Due to decreasing beef production during 2021 as well as an increase in pork imports, Namibia became a net importer of controlled meat and meat products in 2021. A net importer means the country imports more than it exports.
Commenting on the monthly trade statistics for the third quarter of 2021, the Meat Board of Namibia pinned it on ongoing re-stocking activity as a result of the drought aftermath that created this unusual trade position.
“An expected rebound in the cattle sector and better prospects in the sheep sector in the absence of quantitative restrictions is likely to reverse the current scenario,” reads the report.
Looking at the meat trade balance for controlled products for 2021, the country imported 1 391 353kg of beef, while exporting 5 538 306kg. Namibia imported 147 749kg of mutton and exported 121 981kg, but failed to export pork and imported 5 477 334kg of it. This resulted in Namibia importing 7 016 436kg for the sector, while exporting only 5 660 287kg in total.
Pork accounted for more than three-quarters of all controlled meat products imported as a result of limited local production capacity.
The Meat Board further stated that local pork production remained relatively stable in the first nine months of the year 2021, in comparison to the same period of 2020. Pig slaughtering for the first three quarters of 2021 totalled 33 322 heads, which was a 0.32% decline. However, the third quarter alone registered an expansion of 0.74% with a slaughter of 11 401 pigs, compared to 2020.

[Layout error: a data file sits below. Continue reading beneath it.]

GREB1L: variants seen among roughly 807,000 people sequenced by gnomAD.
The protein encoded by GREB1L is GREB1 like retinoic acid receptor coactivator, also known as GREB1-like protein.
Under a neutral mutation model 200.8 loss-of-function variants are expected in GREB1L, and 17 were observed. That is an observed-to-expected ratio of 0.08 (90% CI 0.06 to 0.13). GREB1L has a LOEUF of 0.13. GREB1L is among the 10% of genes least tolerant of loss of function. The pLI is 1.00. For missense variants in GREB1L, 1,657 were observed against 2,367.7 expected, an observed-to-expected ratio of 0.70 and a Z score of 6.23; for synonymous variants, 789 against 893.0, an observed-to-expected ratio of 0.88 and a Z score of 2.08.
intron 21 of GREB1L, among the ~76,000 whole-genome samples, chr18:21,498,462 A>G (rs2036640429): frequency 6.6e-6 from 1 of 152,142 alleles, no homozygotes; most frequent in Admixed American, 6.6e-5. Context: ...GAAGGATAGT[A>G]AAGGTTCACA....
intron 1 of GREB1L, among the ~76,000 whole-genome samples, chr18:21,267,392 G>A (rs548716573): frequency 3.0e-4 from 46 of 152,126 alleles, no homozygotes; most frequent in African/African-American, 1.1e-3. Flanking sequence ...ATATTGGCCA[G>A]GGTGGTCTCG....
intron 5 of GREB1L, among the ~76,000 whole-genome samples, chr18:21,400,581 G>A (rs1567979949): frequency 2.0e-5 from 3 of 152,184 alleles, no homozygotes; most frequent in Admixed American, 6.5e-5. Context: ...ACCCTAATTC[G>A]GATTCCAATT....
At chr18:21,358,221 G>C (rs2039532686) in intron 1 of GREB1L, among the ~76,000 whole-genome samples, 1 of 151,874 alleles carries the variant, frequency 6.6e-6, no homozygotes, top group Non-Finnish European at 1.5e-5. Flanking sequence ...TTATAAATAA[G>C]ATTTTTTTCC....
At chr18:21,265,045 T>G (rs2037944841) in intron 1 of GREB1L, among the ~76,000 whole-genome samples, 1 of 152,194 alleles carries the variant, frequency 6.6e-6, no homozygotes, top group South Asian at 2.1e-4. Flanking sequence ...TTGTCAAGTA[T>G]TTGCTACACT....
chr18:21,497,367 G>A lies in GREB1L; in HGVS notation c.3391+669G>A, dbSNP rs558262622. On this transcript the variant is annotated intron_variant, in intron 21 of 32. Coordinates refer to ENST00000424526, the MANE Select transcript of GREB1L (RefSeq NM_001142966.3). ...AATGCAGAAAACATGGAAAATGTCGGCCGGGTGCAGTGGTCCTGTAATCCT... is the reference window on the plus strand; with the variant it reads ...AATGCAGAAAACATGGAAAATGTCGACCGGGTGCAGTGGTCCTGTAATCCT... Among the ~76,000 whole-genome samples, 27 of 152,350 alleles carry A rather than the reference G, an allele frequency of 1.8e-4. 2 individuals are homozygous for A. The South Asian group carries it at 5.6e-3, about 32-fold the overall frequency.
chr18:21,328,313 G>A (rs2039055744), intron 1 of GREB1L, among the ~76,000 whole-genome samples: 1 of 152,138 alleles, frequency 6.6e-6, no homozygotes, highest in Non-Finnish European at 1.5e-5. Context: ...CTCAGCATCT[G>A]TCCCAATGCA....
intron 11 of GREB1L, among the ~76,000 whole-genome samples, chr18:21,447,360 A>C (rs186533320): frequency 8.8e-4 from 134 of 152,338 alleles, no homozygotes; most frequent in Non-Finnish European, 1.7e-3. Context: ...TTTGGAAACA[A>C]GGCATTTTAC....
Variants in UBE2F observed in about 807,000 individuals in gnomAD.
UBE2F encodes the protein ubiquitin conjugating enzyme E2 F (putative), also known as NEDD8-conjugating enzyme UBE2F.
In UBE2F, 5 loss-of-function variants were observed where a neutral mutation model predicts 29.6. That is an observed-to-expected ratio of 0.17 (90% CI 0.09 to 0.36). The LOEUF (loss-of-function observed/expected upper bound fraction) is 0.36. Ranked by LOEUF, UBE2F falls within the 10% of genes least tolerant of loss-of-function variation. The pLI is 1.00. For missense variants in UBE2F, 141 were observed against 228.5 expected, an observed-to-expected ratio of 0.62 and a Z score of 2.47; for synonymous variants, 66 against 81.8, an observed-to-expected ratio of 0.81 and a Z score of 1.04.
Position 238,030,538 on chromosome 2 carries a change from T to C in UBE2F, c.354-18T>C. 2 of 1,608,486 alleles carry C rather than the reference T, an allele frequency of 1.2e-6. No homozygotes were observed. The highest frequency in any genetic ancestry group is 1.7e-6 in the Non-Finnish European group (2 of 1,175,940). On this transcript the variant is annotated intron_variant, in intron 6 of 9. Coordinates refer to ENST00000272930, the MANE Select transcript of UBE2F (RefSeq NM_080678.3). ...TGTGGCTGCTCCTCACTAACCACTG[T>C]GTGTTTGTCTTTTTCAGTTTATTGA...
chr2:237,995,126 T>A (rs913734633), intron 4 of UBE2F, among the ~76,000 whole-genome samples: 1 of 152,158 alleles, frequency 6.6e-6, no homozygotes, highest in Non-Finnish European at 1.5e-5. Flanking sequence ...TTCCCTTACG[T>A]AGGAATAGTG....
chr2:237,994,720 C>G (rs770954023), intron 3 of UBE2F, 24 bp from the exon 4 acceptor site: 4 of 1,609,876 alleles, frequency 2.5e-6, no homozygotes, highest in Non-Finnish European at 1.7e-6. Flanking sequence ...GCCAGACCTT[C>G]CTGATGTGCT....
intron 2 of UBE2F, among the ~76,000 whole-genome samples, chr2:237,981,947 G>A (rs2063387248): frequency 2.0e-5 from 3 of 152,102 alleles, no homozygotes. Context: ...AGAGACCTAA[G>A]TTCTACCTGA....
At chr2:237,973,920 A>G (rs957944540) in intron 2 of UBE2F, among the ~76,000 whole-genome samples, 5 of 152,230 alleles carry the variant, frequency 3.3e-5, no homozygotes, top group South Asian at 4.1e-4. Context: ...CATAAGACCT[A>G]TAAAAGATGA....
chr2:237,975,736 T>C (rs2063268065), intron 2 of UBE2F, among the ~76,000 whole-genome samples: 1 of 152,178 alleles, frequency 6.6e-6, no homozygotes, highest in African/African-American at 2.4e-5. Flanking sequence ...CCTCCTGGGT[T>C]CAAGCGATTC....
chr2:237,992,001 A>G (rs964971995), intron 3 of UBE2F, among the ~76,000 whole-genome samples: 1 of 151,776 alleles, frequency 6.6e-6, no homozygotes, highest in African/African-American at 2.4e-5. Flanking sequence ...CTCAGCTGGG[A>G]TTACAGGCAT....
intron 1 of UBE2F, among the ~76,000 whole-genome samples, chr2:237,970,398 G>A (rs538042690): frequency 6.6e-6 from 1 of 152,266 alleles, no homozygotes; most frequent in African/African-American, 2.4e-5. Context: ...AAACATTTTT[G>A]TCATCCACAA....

Given the stable local pig slaughtering process, a significant reduction in the market share of local producers is attributed to an upsurge in pork imports, which rose by 40.63% on a year-to-date basis.
The trade figures further indicate that September 2021 showed a positive performance in all sectors except sheep when compared to 2020. However, due to weak performances in the first half of the year, total marketing on a year-to-date basis is still negative in all sectors, except for the goats sector.
“Exports of beef products increased substantially during the third quarter of 2021 on account of a doubling of the quarterly performance by export abattoirs in comparison to the year 2020.
“September 2020 recorded the highest beef exports thus far. While sheep slaughtering activity at export abattoirs recommenced, exports have not resumed due to low slaughter volumes during September 2021,” explained the Meat Board.
It added that commodity producer prices posted a mixed performance with slaughter cattle and sheep prices trending upwards, while pig producer prices are generally reclining from month-to-month during 2021.